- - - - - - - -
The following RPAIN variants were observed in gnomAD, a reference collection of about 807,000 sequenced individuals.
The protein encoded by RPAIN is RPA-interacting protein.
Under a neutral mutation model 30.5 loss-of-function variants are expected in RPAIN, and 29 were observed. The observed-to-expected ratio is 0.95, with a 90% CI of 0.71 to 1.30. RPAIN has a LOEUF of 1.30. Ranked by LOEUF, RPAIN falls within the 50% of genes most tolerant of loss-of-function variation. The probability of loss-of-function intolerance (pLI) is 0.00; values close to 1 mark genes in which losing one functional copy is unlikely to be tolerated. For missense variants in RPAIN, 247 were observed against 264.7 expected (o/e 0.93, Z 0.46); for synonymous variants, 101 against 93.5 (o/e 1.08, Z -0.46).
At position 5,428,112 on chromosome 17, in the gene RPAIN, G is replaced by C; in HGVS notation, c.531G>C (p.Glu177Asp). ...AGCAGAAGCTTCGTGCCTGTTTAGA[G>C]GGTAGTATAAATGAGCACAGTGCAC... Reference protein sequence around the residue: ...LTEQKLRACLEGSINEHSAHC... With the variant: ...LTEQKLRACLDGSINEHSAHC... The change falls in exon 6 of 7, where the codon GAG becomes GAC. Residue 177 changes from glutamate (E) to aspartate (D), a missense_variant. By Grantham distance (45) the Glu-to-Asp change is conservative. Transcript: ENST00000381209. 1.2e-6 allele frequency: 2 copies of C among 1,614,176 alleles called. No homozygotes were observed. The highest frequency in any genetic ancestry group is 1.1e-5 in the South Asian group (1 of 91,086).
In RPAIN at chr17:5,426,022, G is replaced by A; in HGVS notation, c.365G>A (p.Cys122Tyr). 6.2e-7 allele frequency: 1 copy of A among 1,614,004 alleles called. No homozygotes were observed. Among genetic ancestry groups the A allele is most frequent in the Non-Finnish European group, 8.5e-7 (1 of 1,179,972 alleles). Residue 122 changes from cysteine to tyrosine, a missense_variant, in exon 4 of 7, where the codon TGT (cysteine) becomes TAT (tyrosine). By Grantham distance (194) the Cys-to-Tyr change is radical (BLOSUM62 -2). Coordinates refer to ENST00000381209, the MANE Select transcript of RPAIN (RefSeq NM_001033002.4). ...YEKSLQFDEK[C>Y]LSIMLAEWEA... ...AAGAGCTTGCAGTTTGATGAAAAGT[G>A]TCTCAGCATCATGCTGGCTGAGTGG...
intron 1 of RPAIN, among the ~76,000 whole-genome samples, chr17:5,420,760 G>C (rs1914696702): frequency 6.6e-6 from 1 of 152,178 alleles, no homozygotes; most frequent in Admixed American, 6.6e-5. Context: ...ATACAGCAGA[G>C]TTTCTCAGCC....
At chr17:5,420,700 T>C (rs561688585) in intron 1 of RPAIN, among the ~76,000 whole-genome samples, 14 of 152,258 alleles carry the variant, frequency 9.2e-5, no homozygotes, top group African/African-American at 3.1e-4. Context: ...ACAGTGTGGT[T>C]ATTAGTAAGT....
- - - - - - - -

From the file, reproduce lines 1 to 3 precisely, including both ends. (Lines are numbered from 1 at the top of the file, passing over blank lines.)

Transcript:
The following RPAIN variants were observed in gnomAD, a reference collection of about 807,000 sequenced individuals.
The protein encoded by RPAIN is RPA-interacting protein.
Under a neutral mutation model 30.5 loss-of-function variants are expected in RPAIN, and 29 were observed. The observed-to-expected ratio is 0.95, with a 90% CI of 0.71 to 1.30. RPAIN has a LOEUF of 1.30. Ranked by LOEUF, RPAIN falls within the 50% of genes most tolerant of loss-of-function variation. The probability of loss-of-function intolerance (pLI) is 0.00; values close to 1 mark genes in which losing one functional copy is unlikely to be tolerated. For missense variants in RPAIN, 247 were observed against 264.7 expected (o/e 0.93, Z 0.46); for synonymous variants, 101 against 93.5 (o/e 1.08, Z -0.46).